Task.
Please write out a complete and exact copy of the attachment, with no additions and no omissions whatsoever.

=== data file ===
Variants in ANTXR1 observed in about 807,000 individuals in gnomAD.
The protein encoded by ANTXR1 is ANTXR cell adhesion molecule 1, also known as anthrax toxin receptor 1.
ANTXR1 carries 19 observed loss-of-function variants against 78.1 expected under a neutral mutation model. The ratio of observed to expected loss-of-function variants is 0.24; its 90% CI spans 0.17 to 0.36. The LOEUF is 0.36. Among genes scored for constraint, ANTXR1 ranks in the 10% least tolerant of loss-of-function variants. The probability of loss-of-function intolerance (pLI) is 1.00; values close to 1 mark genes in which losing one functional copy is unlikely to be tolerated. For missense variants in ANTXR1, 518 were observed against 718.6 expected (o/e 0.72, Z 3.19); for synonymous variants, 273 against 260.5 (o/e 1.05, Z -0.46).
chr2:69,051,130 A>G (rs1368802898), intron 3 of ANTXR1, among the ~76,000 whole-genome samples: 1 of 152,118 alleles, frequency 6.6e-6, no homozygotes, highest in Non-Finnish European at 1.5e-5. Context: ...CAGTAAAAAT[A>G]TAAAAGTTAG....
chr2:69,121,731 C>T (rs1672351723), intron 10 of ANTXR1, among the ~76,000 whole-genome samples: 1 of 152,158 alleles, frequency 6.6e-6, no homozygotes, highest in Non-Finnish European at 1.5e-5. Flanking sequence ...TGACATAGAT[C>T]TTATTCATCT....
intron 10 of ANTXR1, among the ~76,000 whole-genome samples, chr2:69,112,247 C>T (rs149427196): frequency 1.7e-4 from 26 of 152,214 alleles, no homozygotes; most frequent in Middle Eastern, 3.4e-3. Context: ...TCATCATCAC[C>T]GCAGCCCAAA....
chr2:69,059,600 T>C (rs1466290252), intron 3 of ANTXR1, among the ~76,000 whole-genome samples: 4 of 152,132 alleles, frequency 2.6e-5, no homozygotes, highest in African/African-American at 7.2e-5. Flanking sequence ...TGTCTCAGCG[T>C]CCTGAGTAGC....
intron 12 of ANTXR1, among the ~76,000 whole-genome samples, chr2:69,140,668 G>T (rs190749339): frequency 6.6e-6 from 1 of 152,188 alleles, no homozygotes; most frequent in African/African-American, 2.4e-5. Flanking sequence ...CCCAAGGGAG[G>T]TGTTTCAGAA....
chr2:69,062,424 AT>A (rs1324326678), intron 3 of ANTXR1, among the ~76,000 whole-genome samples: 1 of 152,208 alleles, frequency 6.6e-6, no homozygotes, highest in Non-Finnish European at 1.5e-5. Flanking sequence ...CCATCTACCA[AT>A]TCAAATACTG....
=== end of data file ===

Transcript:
Variants in ANTXR1 observed in about 807,000 individuals in gnomAD.
The protein encoded by ANTXR1 is ANTXR cell adhesion molecule 1, also known as anthrax toxin receptor 1.
ANTXR1 carries 19 observed loss-of-function variants against 78.1 expected under a neutral mutation model. The ratio of observed to expected loss-of-function variants is 0.24; its 90% CI spans 0.17 to 0.36. The LOEUF is 0.36. Among genes scored for constraint, ANTXR1 ranks in the 10% least tolerant of loss-of-function variants. The probability of loss-of-function intolerance (pLI) is 1.00; values close to 1 mark genes in which losing one functional copy is unlikely to be tolerated. For missense variants in ANTXR1, 518 were observed against 718.6 expected (o/e 0.72, Z 3.19); for synonymous variants, 273 against 260.5 (o/e 1.05, Z -0.46).
chr2:69,051,130 A>G (rs1368802898), intron 3 of ANTXR1, among the ~76,000 whole-genome samples: 1 of 152,118 alleles, frequency 6.6e-6, no homozygotes, highest in Non-Finnish European at 1.5e-5. Context: ...CAGTAAAAAT[A>G]TAAAAGTTAG....
chr2:69,121,731 C>T (rs1672351723), intron 10 of ANTXR1, among the ~76,000 whole-genome samples: 1 of 152,158 alleles, frequency 6.6e-6, no homozygotes, highest in Non-Finnish European at 1.5e-5. Flanking sequence ...TGACATAGAT[C>T]TTATTCATCT....
intron 10 of ANTXR1, among the ~76,000 whole-genome samples, chr2:69,112,247 C>T (rs149427196): frequency 1.7e-4 from 26 of 152,214 alleles, no homozygotes; most frequent in Middle Eastern, 3.4e-3. Context: ...TCATCATCAC[C>T]GCAGCCCAAA....
chr2:69,059,600 T>C (rs1466290252), intron 3 of ANTXR1, among the ~76,000 whole-genome samples: 4 of 152,132 alleles, frequency 2.6e-5, no homozygotes, highest in African/African-American at 7.2e-5. Flanking sequence ...TGTCTCAGCG[T>C]CCTGAGTAGC....
intron 12 of ANTXR1, among the ~76,000 whole-genome samples, chr2:69,140,668 G>T (rs190749339): frequency 6.6e-6 from 1 of 152,188 alleles, no homozygotes; most frequent in African/African-American, 2.4e-5. Flanking sequence ...CCCAAGGGAG[G>T]TGTTTCAGAA....
chr2:69,062,424 AT>A (rs1324326678), intron 3 of ANTXR1, among the ~76,000 whole-genome samples: 1 of 152,208 alleles, frequency 6.6e-6, no homozygotes, highest in Non-Finnish European at 1.5e-5. Flanking sequence ...CCATCTACCA[AT>A]TCAAATACTG....